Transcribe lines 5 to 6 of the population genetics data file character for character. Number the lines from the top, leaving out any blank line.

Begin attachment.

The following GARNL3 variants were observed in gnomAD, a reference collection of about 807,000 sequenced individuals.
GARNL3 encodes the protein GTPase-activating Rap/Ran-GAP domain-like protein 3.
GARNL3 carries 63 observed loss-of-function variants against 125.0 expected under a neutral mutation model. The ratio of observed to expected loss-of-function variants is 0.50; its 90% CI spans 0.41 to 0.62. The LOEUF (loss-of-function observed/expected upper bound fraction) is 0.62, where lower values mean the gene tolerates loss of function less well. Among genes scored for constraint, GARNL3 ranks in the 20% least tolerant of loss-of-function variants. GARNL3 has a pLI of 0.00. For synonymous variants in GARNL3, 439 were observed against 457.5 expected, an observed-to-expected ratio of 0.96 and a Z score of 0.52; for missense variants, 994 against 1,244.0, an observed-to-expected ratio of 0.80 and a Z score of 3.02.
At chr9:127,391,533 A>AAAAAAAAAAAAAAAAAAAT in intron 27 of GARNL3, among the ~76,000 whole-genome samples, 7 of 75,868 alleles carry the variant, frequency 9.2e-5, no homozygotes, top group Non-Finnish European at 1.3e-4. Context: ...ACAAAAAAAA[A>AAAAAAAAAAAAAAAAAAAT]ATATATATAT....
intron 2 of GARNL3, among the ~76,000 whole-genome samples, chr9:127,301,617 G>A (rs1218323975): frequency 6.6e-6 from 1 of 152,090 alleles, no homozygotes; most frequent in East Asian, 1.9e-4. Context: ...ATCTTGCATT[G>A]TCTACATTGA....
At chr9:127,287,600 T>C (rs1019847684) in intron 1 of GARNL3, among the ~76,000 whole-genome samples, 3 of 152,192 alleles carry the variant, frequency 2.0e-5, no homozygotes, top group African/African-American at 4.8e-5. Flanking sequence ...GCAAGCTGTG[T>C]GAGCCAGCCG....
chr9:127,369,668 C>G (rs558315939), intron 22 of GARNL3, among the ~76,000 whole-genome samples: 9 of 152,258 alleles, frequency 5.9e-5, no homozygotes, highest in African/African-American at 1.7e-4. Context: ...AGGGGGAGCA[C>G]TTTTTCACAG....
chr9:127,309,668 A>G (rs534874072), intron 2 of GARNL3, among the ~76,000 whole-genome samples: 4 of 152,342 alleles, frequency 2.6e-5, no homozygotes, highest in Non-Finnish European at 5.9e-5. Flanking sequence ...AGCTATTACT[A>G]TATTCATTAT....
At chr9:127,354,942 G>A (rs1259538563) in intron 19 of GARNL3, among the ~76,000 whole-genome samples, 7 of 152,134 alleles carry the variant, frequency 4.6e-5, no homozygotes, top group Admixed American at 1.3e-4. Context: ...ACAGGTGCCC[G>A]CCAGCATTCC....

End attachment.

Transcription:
intron 2 of GARNL3, among the ~76,000 whole-genome samples, chr9:127,301,617 G>A (rs1218323975): frequency 6.6e-6 from 1 of 152,090 alleles, no homozygotes; most frequent in East Asian, 1.9e-4. Context: ...ATCTTGCATT[G>A]TCTACATTGA....
At chr9:127,287,600 T>C (rs1019847684) in intron 1 of GARNL3, among the ~76,000 whole-genome samples, 3 of 152,192 alleles carry the variant, frequency 2.0e-5, no homozygotes, top group African/African-American at 4.8e-5. Flanking sequence ...GCAAGCTGTG[T>C]GAGCCAGCCG....